A review was completed to identify outdated policies and inconsistencies governing the importation of commercial goods and to ensure that policies were aligned with the future direction of the commercial program. Key issues that were identified include inconsistency of policy application among modes and regions and various policies that are no longer relevant and should be rescinded. New policies are required to reflect current and future program requirements.

Requirements of Other Government Departments (OGDs)

The CBSA has initiated a review of the programs and requirements that it administers on behalf of OGDs at the border through the OGD Single Window Initiative. Key departments have been identified and are engaged in the project through a number of committees and working groups.

Participating OGDs include the Canadian Food Inspection Agency, Health Canada, Environment Canada, Transport Canada, Natural Resources Canada, Industry Canada, Fisheries and Oceans Canada, Foreign Affairs and International Trade Canada, the Public Health Agency of Canada and the Canadian Nuclear Safety Commission. These OGDs are working with the CBSA to determine the desired end-state for electronic reporting of their requirements.

Postal and Courier Reviews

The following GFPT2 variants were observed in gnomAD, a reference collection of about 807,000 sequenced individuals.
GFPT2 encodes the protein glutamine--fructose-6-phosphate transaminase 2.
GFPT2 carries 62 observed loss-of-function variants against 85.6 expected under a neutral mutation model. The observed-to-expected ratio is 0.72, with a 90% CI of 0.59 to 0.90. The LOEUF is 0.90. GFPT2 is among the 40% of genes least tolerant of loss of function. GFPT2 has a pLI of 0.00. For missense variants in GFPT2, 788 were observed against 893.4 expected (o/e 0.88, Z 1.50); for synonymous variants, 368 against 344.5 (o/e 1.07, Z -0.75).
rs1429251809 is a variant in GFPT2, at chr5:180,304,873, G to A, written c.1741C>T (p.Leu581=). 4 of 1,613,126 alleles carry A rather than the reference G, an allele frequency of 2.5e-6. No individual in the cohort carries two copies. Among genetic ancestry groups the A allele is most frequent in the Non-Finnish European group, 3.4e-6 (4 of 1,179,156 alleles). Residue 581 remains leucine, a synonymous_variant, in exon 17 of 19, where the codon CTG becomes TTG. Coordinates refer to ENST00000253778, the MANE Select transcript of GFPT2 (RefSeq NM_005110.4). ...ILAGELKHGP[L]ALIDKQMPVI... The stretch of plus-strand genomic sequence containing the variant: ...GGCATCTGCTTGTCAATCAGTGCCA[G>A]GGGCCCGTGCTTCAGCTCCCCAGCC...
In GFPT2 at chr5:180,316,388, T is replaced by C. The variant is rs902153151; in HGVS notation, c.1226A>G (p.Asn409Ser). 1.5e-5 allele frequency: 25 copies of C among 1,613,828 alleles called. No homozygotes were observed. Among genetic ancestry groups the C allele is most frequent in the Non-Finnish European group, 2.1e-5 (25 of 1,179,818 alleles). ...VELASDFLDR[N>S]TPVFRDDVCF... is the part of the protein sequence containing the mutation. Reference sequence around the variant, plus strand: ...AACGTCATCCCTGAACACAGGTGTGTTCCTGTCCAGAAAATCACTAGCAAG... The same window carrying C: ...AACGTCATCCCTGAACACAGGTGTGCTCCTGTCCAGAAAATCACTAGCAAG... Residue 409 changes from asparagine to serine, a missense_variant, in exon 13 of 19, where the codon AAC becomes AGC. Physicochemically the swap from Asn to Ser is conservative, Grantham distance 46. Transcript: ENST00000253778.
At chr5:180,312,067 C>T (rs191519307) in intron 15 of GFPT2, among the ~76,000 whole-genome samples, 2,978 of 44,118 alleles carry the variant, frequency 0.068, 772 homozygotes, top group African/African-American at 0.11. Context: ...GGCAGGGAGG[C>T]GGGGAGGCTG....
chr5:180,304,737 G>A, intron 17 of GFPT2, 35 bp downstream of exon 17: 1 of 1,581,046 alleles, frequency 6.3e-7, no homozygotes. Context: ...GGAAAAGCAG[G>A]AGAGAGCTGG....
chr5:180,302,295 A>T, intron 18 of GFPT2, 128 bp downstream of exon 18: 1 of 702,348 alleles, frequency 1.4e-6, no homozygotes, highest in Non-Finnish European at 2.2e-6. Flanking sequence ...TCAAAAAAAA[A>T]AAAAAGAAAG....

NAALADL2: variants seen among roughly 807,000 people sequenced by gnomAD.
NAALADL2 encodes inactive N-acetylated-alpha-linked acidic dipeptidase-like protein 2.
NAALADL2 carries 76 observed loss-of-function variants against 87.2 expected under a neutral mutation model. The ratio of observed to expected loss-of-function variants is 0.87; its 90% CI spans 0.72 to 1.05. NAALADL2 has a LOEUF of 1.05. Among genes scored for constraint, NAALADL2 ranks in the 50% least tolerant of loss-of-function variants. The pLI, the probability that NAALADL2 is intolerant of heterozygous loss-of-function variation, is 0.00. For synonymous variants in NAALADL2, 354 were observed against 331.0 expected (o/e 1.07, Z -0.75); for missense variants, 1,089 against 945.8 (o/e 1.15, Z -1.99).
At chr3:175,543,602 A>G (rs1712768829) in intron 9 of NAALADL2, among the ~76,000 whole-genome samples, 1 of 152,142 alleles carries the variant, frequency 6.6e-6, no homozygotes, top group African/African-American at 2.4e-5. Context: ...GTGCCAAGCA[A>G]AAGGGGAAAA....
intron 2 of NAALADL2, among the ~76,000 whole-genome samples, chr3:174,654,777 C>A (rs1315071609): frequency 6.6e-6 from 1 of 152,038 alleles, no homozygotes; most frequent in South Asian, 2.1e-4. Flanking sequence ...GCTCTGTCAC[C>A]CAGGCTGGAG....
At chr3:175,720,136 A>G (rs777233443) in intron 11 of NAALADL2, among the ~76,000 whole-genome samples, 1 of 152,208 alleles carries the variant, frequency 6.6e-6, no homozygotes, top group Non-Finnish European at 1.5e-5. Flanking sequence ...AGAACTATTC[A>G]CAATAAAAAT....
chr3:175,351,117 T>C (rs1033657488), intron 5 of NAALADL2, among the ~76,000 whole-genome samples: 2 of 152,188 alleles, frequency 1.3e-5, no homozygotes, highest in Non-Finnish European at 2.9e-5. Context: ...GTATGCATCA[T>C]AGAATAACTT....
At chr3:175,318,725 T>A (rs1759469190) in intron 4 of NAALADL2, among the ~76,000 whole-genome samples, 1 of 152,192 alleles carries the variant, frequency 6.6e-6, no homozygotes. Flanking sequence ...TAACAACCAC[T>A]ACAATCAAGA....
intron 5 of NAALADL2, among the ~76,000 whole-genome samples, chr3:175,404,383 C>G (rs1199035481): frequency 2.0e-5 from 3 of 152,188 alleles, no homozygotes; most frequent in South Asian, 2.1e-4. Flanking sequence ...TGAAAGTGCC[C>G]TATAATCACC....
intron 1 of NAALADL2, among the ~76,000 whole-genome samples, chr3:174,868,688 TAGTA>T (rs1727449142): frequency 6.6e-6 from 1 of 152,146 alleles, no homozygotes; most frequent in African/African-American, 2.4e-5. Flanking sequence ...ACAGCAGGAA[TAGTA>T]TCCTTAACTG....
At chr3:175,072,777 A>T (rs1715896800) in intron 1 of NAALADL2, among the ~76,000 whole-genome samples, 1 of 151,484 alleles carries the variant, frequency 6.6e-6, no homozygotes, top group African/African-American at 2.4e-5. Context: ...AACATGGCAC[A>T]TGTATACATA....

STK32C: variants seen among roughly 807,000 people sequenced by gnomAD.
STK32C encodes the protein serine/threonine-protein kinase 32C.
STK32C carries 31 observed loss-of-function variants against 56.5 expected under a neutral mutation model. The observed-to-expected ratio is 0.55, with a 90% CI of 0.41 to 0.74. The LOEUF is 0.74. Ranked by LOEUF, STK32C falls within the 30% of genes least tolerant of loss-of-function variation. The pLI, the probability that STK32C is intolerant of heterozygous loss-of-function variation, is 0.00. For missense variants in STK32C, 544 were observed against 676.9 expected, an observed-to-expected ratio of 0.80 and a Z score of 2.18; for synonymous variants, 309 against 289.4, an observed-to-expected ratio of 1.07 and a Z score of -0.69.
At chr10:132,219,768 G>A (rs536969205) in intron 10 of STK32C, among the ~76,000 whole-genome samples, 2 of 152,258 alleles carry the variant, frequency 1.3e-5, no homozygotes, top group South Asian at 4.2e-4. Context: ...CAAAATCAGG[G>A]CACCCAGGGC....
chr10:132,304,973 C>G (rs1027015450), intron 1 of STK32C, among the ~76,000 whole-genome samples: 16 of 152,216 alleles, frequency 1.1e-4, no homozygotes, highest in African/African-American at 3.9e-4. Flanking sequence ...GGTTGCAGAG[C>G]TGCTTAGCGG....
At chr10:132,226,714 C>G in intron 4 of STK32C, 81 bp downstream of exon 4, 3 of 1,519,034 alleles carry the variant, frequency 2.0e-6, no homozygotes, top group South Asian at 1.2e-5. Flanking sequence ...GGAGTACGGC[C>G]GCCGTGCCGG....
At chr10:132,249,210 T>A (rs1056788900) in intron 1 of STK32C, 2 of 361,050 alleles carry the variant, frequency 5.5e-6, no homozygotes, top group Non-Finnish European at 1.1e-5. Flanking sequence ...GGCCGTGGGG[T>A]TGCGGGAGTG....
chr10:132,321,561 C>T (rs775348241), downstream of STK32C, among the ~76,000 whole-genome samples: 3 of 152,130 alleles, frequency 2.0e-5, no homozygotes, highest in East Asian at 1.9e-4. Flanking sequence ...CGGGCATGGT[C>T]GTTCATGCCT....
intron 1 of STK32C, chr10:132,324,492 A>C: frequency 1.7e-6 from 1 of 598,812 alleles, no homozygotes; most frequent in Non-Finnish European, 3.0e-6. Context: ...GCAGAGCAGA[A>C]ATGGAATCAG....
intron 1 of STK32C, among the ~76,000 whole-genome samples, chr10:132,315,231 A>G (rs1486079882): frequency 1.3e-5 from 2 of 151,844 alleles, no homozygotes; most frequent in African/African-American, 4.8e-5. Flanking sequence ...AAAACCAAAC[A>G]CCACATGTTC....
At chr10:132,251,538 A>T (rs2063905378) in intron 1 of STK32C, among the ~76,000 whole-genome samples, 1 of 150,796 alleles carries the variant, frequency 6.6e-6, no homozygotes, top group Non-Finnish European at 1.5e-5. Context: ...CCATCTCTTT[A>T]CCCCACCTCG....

The postal review began in spring 2006 with the objective of identifying gaps in the program and recommending short-, medium- and long-term solutions. Representatives from each of the three customs mail centres continue to work with the review team to develop solutions to modernize the CBSA postal program. 

The Courier Low Value Shipment Program review will examine the design and operations of the present program and provide recommendations for its improvement that will meet the needs of the CBSA, importers and industry.

There have been few changes to the program since the early 1990s, yet volumes have increased by 433%. This growth has presented challenges to the operation of the program and exposed weaknesses, and this will be considered in the review. The review team intends to consult internally in the CBSA and also widely with industry, OGDs and stakeholders.  A needs analysis will be conducted and finalized before the end of the year.

Review of Special Services (Customs) Regulations

The regulations provide a mechanism for clients to obtain services, which are of direct benefit to them, for a fee. Internal consultations regarding the program and fee changes have taken place, and other government partners have been consulted. Proposed changes to the regulations and to a related section of the Customs Act (section 167), as well as a draft policy proposal, are being developed.


[1] Planned spending comprises Main Estimates and additional funding earmarked for the CBSA in the 2006 federal budget.

[2] Total authorities comprises Main Estimates, Supplementary Estimates and transfers from Treasury Board centrally financed votes.

[3] As of March 31, 2007.